By Russ Ouellette
A favorite pipe and a treasured tobacco can be wonderful companions, and they’re often enhanced by the presence of a nice beverage, but we often don’t give much consideration to what we’re drinking in combination with a particular tobacco blend. Interestingly enough, I often get the question, “Why is it that I’ll occasionally get a bowl of tobacco that doesn’t seem right?”, and most people believe that the problem lies with that particular bowl not being mixed very well, or a problem with the pipe being smoked. My first question in reply is- “What were you drinking while you were smoking?”, as most people give little thought to how much impact the taste of an accompanying beverage can have on the flavor of the tobacco.
For many years, cigar dinners have been popular, and one of the intriguing aspects of putting one of these events together is figuring out what drinks go well with the cigars being offered, or vice versa. A few years ago I was offered the opportunity to lecture a culinary class at a state university about conducting dinners of this sort or how to recommend a cigar to a patron of the restaurant based upon what the customer is drinking. In the course of putting the lecture together, I came up with a general approach that can easily be adapted to pairings with pipe tobaccos as well.
My first “rule” of pairings is: Match the body of the drink to the smoke. If you are smoking a deep, rich Balkan-style blend, then you want a full-bodied libation to counter-balance the smoke. It’s necessary to do this to avoid having one or the other dominate your experience. A light white wine will not provide enough substance to even be noticed while enjoying a Latakia or Perique-heavy blend. To balance out, a Port or Bourbon would be a better bet. Are there exceptions? Of course. If you just want something to quench your thirst or cleanse your palate while trying a new blend, something easy on the palate and innocuous like water, seltzer or tea will be fine. And it’s certainly okay to have a cup of coffee with that first bowl of the day, but when you want that full sensory immersion experience, following this guideline will help.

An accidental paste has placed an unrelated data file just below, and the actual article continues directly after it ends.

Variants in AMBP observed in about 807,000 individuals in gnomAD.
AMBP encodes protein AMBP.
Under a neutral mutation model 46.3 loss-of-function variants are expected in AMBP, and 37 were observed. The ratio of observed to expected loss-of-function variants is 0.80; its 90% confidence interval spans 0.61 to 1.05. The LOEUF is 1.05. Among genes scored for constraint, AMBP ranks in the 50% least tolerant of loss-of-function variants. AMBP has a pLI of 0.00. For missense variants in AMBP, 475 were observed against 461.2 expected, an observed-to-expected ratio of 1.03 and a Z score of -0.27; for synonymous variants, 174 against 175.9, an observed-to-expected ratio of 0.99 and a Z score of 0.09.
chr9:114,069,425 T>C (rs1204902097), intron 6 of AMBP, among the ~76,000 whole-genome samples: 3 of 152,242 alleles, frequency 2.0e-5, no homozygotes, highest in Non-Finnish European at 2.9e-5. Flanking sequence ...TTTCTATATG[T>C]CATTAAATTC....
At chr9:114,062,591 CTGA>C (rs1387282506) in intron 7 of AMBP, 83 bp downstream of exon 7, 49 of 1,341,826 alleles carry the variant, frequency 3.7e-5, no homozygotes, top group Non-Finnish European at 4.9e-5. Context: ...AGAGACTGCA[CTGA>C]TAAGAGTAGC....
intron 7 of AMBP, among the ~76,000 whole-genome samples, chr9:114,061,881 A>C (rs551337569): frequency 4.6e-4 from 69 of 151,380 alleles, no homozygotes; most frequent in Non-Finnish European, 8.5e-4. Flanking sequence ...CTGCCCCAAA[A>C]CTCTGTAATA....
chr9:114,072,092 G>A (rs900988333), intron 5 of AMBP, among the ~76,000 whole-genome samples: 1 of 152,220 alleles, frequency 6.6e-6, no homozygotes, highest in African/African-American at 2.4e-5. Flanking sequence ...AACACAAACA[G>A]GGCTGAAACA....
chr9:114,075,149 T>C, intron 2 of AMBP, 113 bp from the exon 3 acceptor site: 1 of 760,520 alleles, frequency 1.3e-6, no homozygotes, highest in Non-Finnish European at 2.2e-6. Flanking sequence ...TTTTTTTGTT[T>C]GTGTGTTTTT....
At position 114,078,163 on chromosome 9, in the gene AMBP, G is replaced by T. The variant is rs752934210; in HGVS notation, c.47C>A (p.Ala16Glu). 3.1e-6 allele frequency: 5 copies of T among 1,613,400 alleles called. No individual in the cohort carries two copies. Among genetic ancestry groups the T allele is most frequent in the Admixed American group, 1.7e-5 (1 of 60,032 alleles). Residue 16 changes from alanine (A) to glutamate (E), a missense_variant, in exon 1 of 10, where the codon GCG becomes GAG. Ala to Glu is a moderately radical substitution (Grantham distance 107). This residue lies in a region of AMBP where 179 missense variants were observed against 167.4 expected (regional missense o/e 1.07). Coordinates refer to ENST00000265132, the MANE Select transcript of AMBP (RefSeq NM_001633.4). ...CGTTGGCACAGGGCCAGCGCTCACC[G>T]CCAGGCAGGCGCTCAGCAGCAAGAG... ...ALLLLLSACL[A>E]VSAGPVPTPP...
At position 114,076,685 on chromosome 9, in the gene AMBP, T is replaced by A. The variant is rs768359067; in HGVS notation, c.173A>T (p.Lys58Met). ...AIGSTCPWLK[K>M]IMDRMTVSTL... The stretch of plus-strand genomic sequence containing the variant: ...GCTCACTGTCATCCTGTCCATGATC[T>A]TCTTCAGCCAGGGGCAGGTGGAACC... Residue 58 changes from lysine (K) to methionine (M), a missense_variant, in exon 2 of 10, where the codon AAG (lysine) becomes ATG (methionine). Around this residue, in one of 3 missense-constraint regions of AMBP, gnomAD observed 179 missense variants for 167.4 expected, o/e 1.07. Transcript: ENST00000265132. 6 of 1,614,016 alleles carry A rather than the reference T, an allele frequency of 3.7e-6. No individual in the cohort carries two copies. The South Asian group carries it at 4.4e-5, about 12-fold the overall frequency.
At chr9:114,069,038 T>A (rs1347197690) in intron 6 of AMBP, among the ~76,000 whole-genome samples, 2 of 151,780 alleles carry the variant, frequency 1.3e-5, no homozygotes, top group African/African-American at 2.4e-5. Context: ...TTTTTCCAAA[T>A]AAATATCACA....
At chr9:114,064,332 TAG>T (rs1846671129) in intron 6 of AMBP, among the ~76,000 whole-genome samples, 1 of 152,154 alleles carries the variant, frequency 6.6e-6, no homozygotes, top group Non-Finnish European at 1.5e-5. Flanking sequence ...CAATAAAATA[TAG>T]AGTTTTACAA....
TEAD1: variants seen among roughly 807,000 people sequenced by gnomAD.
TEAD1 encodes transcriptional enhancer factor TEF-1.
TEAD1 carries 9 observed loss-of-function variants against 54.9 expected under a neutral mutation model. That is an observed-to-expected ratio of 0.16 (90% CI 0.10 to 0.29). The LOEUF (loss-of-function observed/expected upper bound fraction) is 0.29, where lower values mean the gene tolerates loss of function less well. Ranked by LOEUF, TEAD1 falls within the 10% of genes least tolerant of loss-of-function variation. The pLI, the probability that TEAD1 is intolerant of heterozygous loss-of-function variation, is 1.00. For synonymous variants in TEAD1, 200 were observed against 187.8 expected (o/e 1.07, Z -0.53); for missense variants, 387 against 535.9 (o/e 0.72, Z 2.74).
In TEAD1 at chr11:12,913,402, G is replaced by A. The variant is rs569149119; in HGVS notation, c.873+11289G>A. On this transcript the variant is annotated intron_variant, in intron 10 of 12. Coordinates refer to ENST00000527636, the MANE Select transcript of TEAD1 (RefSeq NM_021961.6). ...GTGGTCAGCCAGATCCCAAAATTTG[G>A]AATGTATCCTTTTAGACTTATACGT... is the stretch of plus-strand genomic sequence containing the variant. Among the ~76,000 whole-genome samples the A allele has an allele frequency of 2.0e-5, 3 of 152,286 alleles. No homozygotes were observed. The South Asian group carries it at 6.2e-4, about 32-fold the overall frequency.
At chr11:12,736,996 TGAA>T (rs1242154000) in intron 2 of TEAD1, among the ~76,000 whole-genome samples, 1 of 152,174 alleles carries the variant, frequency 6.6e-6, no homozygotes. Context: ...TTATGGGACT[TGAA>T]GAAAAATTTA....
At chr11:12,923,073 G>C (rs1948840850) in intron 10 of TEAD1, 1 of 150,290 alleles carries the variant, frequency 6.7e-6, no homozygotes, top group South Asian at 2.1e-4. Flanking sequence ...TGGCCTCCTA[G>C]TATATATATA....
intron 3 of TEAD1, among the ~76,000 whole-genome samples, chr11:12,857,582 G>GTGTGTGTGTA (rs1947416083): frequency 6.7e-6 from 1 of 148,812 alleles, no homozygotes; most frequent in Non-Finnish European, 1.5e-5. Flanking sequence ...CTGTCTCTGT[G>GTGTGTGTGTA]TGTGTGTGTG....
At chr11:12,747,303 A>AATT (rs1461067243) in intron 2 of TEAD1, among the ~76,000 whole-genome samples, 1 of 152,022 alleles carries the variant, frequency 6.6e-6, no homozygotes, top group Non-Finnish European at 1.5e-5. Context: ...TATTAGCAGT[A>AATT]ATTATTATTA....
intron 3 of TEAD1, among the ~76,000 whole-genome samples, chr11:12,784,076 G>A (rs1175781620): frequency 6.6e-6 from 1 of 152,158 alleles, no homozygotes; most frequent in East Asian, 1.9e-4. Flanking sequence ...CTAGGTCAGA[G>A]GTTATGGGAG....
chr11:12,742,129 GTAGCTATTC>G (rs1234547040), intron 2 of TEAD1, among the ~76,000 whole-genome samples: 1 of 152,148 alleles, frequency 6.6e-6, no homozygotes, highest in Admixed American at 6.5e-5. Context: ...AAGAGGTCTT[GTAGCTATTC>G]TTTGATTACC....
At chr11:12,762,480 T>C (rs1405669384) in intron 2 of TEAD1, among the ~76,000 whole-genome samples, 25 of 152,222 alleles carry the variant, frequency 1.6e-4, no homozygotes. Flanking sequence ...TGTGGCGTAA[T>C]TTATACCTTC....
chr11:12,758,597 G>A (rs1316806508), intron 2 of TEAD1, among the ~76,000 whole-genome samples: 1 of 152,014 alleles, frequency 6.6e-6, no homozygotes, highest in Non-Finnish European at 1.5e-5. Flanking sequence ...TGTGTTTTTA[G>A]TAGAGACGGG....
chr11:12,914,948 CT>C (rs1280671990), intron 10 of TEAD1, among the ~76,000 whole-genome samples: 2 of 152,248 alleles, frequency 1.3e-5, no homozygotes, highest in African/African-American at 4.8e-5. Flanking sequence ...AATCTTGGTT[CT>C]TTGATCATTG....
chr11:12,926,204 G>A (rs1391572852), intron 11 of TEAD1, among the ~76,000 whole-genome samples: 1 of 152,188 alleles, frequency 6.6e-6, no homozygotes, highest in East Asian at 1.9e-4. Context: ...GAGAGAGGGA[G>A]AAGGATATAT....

To help with your choices, we need to understand what body is. There are sparkling waters that have a vanilla flavor to them, and there is vanilla custard. They’re both taste like vanilla, but the intensity of flavor is so much greater with the custard. There’s the defining note- the depth or intensity of taste.
Rule #2 is quite different than rule #1, however. There should be a significant contrast between the flavor profile of what you drink versus what you smoke. If your tobacco is sweet and tangy (like some of the McClelland Virginias), you would get the most out of the pairing if the beverage is dry and smooth (along the lines of a Merlot). The contrasting flavors will enhance each other, as it becomes easier to taste sweetness immediately after being exposed to sour or bitter flavors.
Fortunately, it’s a lot easier to identify elements of taste than it is to determine body. Salty, sweet, bitter and sour are easy to pick out, so figuring out a contrast shouldn’t present much of a problem. To measure body, a frame of reference is useful. Think of a dense, dark fudge cake. The flavor is deep and rich, and the concentration of chocolate is intense. That’s an example of full body. On the other end of the spectrum, you have something like cucumber – a flavor that registers lightly on the tongue, and it usually fades quickly.